Bollywood's big UAE shoot: Vidya, Emraan in Dubai, Abu Dhabi

Bollywood actress Vidya Balan shoots for 'Humari Adhuri Kahaani' in Dubai's Miracle Garden. (Bindu Rai)

"Cut!" yells the director, with looks of relief etched clearly on everyone's faces while being handed a temporary respite from filming under the baking sun that still scorches at 2pm in Dubai.
While stars Vidya Balan and Emraan Hashmi are bundled off into the vanity vans for cooler climes, the Bollywood film crew huddle around the lunch buffet, attempting to find patches of shade in Dubai's Miracle Garden before the next shot gets canned for director Mohit Suri's 'Humari Adhuri Kahaani'.

The director in question is slumming it in the sun with the rest of us.
"We've just returned from a 20-day schedule from Cape Town," he reveals. "That was after we shot for 20 days in Dubai and Abu Dhabi. What we are filming at Dubai's Miracle Garden is a scene we were supposed to shoot when we were here a month back.
"But you can't control some things in life, especially the weather. So we returned for this song sequence."

Suri, who is on a career high with his last two films, namely 'Aashiqui 2' and 'Ek Villain', both of which hit box office gold, is returning once again with a love story that's laced with traces of darkness.
Filming in UAE
Suri reveals nearly 30 per cent of his latest venture has been shot in Dubai and Abu Dhabi, with a 20-day film schedule that brought the cast crew to the UAE in October.
Bollywood fans based here will recognise the Dubai Airport Terminal 3, parts of Sheikh Zayed Road, Hatta, the Miracle Garden, along with Abu Dhabi's Qasr Al Sarb desert resort that also found screen space in this year's 'Bang Bang' starring Hrithik Roshan and Katrina Kaif.

Talking about the UAE shoot, Suri says: "Essentially, India has treated the UAE as a place you go to for high-tech buildings for a modern landscape; I have tried to romanticise the UAE instead.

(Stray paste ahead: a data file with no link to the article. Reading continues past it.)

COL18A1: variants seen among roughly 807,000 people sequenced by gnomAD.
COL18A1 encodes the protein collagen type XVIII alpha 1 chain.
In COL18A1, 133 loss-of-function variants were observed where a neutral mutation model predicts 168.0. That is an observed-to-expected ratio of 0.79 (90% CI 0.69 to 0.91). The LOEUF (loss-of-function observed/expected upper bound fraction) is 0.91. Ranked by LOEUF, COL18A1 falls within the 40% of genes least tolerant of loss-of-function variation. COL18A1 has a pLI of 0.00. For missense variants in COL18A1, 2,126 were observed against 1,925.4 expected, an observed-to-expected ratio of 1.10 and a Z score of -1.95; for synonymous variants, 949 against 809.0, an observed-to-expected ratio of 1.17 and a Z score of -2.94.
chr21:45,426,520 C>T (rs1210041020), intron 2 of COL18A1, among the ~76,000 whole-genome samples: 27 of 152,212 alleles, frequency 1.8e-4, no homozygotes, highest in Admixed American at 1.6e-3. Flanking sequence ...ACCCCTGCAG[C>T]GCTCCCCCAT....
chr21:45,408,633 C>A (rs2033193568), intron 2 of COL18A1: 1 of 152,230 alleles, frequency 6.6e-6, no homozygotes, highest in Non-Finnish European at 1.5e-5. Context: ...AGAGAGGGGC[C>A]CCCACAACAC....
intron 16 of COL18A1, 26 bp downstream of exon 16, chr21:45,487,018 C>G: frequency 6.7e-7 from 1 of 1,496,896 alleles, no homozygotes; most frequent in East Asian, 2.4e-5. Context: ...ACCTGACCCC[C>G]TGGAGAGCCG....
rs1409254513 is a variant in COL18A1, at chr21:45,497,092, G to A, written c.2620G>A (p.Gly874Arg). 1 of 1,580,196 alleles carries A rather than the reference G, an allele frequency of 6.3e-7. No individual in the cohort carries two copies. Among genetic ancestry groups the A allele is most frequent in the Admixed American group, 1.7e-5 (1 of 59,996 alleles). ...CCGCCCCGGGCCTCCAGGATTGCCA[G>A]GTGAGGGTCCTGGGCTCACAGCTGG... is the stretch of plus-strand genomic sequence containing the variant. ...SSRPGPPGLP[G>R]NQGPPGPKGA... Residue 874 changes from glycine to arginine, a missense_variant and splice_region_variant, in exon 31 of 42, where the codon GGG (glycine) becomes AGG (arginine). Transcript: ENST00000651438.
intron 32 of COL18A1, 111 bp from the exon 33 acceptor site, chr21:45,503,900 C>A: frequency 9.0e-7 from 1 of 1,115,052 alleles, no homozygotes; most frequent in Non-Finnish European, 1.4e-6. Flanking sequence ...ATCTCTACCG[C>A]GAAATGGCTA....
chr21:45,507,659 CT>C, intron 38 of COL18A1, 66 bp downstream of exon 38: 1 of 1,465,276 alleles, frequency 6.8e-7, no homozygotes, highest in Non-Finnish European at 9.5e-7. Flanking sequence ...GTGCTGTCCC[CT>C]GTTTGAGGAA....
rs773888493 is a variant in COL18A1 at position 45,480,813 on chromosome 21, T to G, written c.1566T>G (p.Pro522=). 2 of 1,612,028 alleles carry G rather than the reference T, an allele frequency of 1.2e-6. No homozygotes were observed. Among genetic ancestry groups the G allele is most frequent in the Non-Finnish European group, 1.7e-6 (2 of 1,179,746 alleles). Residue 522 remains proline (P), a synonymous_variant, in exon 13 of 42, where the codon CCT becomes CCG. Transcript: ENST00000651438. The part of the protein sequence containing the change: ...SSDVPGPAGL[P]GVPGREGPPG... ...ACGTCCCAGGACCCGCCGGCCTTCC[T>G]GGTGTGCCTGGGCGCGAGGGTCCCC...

"Where I've filmed, these are places we've heard of but never seen them before in Indian cinema.
"Even this shoot at the Miracle Garden, look around you. There are 40,000 types of flowers here. There is a softer side to this country that goes beyond the highly advanced buildings, high bridges or supercars."

Suri reveals he has filmed 2.5 song sequences in the UAE, with the Miracle Garden pitching itself as a backdrop to another romantic song of yearn and heartbreak that takes our two leads from the roads of Dubai, down to Abu Dhabi, with a brief stopover in Hatta Village.
Happily ever after?

'Humari Adhuri Kahaani', which literally translates to 'Our Incomplete Story' is Suri's ode to the 'purity of love'.
He says: "And they lived happily ever after, but no one talks about the ever after. Something has more passion when you know there is going to be an end to it."

Suri continues: "I am a romantic at heart. I don't think I can get over anyone in life. Whether it is the women I have been involved with in the past. Even if you hate someone deeply, there is love still there. I think indifference is when love ends.
"If a love story endures so many years, it finally finds some level of legitimacy. Any love if pure, will finally find its journey. This is what 'Humari Adhuri Kahaani' personifies."
Mahesh Bhatt story